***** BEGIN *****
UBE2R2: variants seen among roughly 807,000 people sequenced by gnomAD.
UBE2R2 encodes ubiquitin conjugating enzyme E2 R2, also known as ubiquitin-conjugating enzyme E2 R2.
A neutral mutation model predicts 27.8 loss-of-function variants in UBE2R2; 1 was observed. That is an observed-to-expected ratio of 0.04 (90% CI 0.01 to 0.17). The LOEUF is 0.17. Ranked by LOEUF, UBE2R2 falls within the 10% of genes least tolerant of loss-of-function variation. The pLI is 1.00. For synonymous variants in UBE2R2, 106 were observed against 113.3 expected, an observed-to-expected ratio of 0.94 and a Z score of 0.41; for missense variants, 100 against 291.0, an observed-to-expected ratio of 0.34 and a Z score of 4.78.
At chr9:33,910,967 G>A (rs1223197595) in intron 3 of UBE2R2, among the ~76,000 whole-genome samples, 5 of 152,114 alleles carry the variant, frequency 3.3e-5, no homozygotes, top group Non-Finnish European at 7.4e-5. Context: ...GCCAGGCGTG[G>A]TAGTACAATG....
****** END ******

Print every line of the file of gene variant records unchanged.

UBE2R2: variants seen among roughly 807,000 people sequenced by gnomAD.
UBE2R2 encodes ubiquitin conjugating enzyme E2 R2, also known as ubiquitin-conjugating enzyme E2 R2.
A neutral mutation model predicts 27.8 loss-of-function variants in UBE2R2; 1 was observed. That is an observed-to-expected ratio of 0.04 (90% CI 0.01 to 0.17). The LOEUF is 0.17. Ranked by LOEUF, UBE2R2 falls within the 10% of genes least tolerant of loss-of-function variation. The pLI is 1.00. For synonymous variants in UBE2R2, 106 were observed against 113.3 expected, an observed-to-expected ratio of 0.94 and a Z score of 0.41; for missense variants, 100 against 291.0, an observed-to-expected ratio of 0.34 and a Z score of 4.78.
At chr9:33,910,967 G>A (rs1223197595) in intron 3 of UBE2R2, among the ~76,000 whole-genome samples, 5 of 152,114 alleles carry the variant, frequency 3.3e-5, no homozygotes, top group Non-Finnish European at 7.4e-5. Context: ...GCCAGGCGTG[G>A]TAGTACAATG....